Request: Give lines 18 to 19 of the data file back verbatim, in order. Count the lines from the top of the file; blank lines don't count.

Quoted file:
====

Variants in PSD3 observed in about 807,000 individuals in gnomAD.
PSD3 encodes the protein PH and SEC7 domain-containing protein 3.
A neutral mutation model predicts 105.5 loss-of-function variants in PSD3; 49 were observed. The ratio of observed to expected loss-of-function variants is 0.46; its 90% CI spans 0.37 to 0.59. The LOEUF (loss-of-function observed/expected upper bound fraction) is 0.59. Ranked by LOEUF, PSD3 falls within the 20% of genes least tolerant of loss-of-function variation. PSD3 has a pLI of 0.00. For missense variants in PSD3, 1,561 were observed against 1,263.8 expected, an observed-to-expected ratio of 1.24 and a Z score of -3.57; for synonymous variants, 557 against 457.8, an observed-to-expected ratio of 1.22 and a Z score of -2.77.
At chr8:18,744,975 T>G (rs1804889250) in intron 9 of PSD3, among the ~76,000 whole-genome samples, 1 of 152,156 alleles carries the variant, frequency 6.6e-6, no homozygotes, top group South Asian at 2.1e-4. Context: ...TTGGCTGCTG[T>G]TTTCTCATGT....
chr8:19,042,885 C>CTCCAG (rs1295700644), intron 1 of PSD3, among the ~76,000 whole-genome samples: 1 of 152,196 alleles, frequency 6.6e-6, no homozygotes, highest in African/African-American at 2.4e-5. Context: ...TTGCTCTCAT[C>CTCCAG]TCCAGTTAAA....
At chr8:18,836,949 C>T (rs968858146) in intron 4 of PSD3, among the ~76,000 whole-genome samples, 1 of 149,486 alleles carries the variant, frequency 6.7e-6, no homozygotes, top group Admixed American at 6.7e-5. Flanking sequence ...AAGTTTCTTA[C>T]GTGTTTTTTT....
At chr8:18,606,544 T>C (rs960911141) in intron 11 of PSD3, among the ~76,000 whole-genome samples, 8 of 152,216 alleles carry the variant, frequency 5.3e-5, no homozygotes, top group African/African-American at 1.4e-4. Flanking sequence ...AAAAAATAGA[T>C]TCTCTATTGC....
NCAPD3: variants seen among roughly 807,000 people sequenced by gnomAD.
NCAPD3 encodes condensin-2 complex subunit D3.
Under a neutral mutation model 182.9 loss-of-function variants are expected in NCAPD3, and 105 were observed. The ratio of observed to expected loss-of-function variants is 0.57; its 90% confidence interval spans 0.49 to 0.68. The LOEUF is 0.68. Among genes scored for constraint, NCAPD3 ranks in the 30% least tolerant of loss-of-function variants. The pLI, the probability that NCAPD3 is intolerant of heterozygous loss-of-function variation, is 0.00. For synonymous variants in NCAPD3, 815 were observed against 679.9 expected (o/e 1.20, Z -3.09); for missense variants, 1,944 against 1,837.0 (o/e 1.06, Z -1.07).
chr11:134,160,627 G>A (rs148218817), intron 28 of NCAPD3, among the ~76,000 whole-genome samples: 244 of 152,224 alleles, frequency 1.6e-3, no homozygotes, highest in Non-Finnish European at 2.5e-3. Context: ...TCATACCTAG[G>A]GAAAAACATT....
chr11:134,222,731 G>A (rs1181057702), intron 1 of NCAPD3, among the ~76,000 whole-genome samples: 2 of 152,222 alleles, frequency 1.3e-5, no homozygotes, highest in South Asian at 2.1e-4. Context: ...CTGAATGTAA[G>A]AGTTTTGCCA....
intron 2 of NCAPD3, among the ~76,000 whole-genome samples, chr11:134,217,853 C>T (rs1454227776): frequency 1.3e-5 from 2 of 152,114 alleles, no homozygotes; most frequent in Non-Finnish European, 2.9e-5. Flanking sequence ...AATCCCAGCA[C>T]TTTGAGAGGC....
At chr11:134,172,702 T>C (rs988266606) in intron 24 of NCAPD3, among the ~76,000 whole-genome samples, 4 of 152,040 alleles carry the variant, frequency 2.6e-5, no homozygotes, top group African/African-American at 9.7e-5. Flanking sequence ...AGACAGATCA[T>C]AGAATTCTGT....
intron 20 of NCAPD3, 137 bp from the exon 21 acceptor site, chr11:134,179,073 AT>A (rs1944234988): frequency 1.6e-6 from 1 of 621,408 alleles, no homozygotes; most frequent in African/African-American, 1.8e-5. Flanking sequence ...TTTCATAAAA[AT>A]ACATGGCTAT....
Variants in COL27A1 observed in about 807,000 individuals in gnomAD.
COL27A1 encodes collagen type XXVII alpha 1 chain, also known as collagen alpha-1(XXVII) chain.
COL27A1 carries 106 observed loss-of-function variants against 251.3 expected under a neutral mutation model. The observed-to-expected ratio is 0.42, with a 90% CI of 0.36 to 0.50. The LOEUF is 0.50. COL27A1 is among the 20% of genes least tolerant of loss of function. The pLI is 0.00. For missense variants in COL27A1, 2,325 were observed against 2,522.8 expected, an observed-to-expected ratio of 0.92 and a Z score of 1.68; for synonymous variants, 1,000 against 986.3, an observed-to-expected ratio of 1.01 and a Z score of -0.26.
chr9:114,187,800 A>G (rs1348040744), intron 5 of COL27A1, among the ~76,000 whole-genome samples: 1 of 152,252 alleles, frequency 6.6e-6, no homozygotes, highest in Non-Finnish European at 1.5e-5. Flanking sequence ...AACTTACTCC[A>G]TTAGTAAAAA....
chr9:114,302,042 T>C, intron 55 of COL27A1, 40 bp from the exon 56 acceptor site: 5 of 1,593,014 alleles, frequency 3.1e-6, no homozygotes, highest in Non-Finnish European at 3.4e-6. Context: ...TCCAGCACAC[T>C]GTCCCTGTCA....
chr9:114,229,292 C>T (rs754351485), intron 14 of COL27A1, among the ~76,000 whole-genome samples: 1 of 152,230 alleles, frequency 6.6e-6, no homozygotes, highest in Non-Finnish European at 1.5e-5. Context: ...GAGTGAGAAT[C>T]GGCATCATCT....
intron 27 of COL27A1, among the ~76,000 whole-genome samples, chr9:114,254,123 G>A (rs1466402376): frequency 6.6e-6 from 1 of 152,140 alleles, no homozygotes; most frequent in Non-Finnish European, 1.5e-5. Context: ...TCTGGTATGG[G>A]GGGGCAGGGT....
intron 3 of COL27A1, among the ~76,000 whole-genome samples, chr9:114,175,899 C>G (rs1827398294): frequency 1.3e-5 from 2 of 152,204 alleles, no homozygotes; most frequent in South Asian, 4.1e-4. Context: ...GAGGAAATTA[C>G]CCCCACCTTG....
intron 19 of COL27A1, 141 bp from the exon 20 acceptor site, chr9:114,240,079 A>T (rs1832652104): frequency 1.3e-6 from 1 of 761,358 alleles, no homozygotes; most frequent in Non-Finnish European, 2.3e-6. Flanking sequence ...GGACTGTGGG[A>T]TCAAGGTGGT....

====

COL27A1 carries 106 observed loss-of-function variants against 251.3 expected under a neutral mutation model. The observed-to-expected ratio is 0.42, with a 90% CI of 0.36 to 0.50. The LOEUF is 0.50. COL27A1 is among the 20% of genes least tolerant of loss of function. The pLI is 0.00. For missense variants in COL27A1, 2,325 were observed against 2,522.8 expected, an observed-to-expected ratio of 0.92 and a Z score of 1.68; for synonymous variants, 1,000 against 986.3, an observed-to-expected ratio of 1.01 and a Z score of -0.26.
chr9:114,187,800 A>G (rs1348040744), intron 5 of COL27A1, among the ~76,000 whole-genome samples: 1 of 152,252 alleles, frequency 6.6e-6, no homozygotes, highest in Non-Finnish European at 1.5e-5. Flanking sequence ...AACTTACTCC[A>G]TTAGTAAAAA....